Ravens draft some line help

Mercier to challenge Flynn for starter at right guard

April 17, 2000|By Jamison Hensley | Jamison Hensley,SUN STAFF

The Ravens finished off their draft shopping list on Day Two by crossing off their biggest remaining offensive need and throwing in two defensive players for good measure.

They grabbed Miami (Fla.) guard Richard Mercier in the fifth round, and then polished off one of their more promising drafts by selecting Southern Mississippi defensive end Adalius Thomas and Texas defensive tackle Cedric Woodard both in the middle of the sixth round.

Ozzie Newsome, the Ravens' vice president of player personnel, expects Mercier to compete with third-year reserve Mike Flynn for the starting job at right guard. Thomas and Woodard will provide depth to a defensive front that was the team's deepest unit last season.

These three picks came a day after the Ravens checked off two offensive priorities when they drafted running back Jamal Lewis and receiver Travis Taylor in the first round. They ended the first day by plucking their possible quarterback of the future, Chris Redman, who fell to the third round.

"It would have been very ambitious to look at what we have finished with and to have anticipated that we could have addressed it across the board," said Ravens coach Brian Billick. "Does it alleviate all your concerns, all your needs? No. But there's no team in the NFL that you're not going to look up at your board and have some concerns. I've got to look up at that board and feel pretty good about where we're at and what we can go into training camp with."

By taking Mercier, the Ravens shored up an offensive line that has to replace two starters, but made it clear that they were not locked in at choosing a guard with their first pick yesterday.

The 6-foot-2, 292-pound native of Montreal became the Ravens' first Canadian drafted because of his toughness and mobility.

He proved his lower-body strength with a 610-pound squat and displays unique agility, possibly coming from his background as a competitive skier. That's why the Ravens can foresee Mercier pulling to the outside and lead-block on a screen or a sweep.

The Ravens have had a bit of success with offensive linemen in the middle rounds as well, picking up left guard Edwin Mulitalo and center Jeff Mitchell in the draft's second day.

"Again, we selected the highest rated guy at that point," Newsome said. "It wasn't a big decision. If we would have had our pick in the fourth round, he could have been a consideration."

Said Billick: "Mercier is a good pickup in terms of depth. We have a lot of faith in Mike Flynn, too."

Growing up in Montreal, Mercier didn't participate in a full-fledged American version of the game until he went to Miami.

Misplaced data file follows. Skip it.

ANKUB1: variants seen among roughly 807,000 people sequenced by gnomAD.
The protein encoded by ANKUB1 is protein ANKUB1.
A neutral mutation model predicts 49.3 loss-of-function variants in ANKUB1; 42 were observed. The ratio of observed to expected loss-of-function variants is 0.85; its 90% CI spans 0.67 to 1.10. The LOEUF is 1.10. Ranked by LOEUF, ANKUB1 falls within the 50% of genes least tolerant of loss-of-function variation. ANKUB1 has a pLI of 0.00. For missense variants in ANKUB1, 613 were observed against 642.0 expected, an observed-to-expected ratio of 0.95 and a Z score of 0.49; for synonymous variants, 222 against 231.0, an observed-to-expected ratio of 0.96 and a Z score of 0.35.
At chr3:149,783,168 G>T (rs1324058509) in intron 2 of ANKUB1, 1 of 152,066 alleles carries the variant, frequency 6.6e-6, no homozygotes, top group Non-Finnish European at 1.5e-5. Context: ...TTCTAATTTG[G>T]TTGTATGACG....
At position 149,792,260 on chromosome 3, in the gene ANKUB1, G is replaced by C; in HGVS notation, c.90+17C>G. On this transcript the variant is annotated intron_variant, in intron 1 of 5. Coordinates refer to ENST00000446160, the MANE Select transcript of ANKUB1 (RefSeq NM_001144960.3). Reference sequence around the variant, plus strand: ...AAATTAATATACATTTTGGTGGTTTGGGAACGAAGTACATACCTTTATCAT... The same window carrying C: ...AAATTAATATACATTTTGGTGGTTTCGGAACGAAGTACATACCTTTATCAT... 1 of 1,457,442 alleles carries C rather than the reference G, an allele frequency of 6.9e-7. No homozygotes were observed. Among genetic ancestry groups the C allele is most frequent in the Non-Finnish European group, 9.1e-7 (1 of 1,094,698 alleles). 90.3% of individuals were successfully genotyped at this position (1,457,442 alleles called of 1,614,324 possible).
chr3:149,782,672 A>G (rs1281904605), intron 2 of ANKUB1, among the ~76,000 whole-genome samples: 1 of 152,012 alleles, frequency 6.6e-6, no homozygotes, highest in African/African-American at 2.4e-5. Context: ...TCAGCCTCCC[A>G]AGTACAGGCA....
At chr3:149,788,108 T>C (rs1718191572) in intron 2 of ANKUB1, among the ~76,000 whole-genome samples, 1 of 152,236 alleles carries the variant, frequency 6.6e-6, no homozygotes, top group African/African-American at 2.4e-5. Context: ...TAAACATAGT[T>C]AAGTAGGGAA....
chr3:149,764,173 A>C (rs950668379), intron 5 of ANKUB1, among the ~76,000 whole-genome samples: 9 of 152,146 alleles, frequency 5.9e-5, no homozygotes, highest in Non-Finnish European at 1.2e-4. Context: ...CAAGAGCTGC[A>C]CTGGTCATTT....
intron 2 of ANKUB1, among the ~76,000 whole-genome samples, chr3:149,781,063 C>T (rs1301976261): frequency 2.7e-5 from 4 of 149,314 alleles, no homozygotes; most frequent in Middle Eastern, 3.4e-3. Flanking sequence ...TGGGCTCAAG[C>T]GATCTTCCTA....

His only taste of this style before college was playing two years in a league that meshed American rules while playing on the larger dimensions of a Canadian field. It's a program that has already produced Carolina running back Tshimanga Biakabutuka.

"I'm really tenacious," said Mercier, who had a pre-draft visit with the Ravens and was selected in the second round of this year's Canadian Football League draft. "Coming from Montreal, I remember arriving in Miami as this average-sized lineman and everyone saying: `Who's this?' It's just a matter of proving yourself. And this is another level of that."

The Ravens broke a recent trend this year of picking defensive players first, waiting until the sixth round before thinking about adding to the NFL's second-ranked defense.

They opted for versatility in Thomas, the two-time Conference USA Defensive Player of the Year who was projected by some to go in the third round.

He appears too small for defensive end, too inexperienced for linebacker yet, ultimately, too perfect for special teams to pass up. A pure pass-rushing specialist, Thomas collected 30 sacks in three seasons while using his leaping ability to block four kicks last year.

"He's one of the guys in the draft you would consider a tweener," said Phil Savage, the Ravens' director of college scouting. "We feel like he's a good athlete and he's somebody who can probably help us on special teams while we figure out where he's going to play."

Five picks after Thomas, the Ravens took Woodard. He played out of position last season as an end, and the Ravens are banking that he'll dominate on the inside like he did two years ago.

The 6-foot-3, 295-pound tackle had 35 solo tackles and 19 tackles for losses in 1998, sharing the Longhorns' Outstanding Defensive Lineman Award.

"When you get back to the '98 tapes, you saw some mobility inside to hold the point and get some push on the pocket," Savage said. "He showed that at the Hula Bowl with some moves to the inside. So we think he can come in and push some guys we already have on the roster."

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